Global employment survey finds UK job market still dropping but showing signs of levelling out

A quarterly survey of hiring and firing trends in over 30 key countries has found job prospects for professionals and managers in the UK better than the global average. The percentage of organisations here expecting to shed staff in the next three months is also substantially lower than the worldwide average, suggesting that the jobs market is at least beginning to level out.

The ‘Global Snapshot’ from the international recruitment firm, Antal, asked 4217 companies in major markets such as western and eastern Europe, Africa, India, China and the USA whether they were currently hiring at professional and managerial level. It then asked whether they planned to do so in the coming quarter and whether they were currently letting staff go or were planning to do so in the next three months. Current hiring across the globe was down from 54% of respondents at the beginning of the year to 47% now. However the percentage of organisations intending to hire in the coming quarter had actually risen from 43% to 44%.

In the UK 45% of businesses were currently recruiting but 51% expected to recruit in the coming quarter. However only 20% were in the process of reducing headcount and only 17% expected to do so over the next three months.

Elsewhere in Western Europe the employment situation was a variable one. In Switzerland, for example, only 20% of businesses were currently recruiting whilst in Malta 72% were currently hiring.

“Despite the fact that the UK economy shrank by nearly 2% in the first quarter of 2009 the Snapshot found a rise in the levels of hiring at professional and managerial level, up from a dismal 18% predicted in our last edition to as much as 45%,” says ? of Antal’s UK operation. “However this overall figure does seem to mask a very fractured and varied market with some sectors displaying robust good health whilst others are suffering. Hiring levels in the financial advisory area, for example, are very low at only 15%, whilst in the FMCG sector they reach as high as 64%. In the IT sector hiring levels are still relatively low, but the survey found that many companies had not had such a bad first quarter as they had expected and were becoming more optimistic about the second half of the year.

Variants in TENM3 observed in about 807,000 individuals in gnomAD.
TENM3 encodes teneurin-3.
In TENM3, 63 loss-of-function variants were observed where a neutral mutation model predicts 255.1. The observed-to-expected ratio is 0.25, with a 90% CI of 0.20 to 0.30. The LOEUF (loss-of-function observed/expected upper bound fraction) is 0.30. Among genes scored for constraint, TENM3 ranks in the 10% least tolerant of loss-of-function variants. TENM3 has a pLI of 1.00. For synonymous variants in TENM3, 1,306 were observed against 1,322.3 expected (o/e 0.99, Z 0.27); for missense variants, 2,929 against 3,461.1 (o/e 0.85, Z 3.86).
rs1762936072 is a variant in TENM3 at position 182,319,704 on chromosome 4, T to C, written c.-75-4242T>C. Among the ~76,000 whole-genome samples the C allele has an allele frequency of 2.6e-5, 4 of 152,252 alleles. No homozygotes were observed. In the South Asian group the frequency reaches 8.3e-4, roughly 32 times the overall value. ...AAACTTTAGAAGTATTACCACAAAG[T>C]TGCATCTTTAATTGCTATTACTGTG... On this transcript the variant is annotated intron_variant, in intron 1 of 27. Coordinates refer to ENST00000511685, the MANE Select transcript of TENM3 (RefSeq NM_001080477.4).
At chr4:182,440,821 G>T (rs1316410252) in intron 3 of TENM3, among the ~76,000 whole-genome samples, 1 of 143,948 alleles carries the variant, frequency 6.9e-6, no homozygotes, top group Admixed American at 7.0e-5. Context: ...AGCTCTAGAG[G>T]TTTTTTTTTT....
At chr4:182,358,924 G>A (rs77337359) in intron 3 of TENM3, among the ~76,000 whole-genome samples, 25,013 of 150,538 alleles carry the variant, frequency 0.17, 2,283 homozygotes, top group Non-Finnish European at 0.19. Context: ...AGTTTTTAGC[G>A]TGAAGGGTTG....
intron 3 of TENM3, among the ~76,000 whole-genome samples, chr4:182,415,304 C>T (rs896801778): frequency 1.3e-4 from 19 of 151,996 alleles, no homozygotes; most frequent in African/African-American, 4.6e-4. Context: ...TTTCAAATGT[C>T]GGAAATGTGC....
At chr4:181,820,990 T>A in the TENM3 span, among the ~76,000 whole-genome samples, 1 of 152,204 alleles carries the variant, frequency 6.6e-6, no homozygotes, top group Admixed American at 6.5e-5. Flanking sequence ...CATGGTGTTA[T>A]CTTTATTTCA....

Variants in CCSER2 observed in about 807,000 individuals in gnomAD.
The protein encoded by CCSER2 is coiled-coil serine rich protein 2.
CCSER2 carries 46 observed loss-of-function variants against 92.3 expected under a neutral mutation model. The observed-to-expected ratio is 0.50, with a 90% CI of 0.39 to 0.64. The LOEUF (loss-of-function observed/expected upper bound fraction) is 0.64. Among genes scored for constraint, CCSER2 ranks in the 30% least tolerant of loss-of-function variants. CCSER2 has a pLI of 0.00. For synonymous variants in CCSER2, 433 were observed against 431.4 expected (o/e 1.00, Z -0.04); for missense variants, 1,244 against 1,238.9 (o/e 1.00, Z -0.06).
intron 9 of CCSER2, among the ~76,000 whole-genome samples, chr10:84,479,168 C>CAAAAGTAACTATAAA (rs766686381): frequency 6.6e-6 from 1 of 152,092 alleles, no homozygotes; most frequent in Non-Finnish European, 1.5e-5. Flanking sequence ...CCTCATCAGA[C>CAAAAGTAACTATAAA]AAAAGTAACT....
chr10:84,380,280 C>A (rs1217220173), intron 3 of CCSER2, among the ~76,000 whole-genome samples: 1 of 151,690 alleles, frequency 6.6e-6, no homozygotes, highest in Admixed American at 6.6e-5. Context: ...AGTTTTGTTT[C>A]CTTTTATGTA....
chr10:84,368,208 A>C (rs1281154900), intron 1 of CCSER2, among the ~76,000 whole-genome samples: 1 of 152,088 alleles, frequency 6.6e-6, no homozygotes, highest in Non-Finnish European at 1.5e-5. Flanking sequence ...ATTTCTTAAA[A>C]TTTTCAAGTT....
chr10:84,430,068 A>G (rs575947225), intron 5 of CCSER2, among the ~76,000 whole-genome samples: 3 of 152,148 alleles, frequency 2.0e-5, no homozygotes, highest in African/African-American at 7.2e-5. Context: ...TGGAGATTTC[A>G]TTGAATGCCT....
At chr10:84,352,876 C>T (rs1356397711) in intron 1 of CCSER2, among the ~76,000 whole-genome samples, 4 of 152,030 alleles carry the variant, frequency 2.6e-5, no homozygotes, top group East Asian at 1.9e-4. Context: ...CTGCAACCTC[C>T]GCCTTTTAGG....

“Whilst the percentage of organisations hiring in the 32 countries surveyed has gone down, it has not plummeted in the way that the economic statistics, many pundits and the ever-cheerful IMF might have led us to believe,” says Antal’s global CEO, Tony Goodwin. “At the same time the percentage of organisations expecting to hire managers or professionals in the coming quarter has actually risen, albeit by a very modest 1%. And the number of businesses expecting to shed middle to senior level staff has remained almost exactly the same.”




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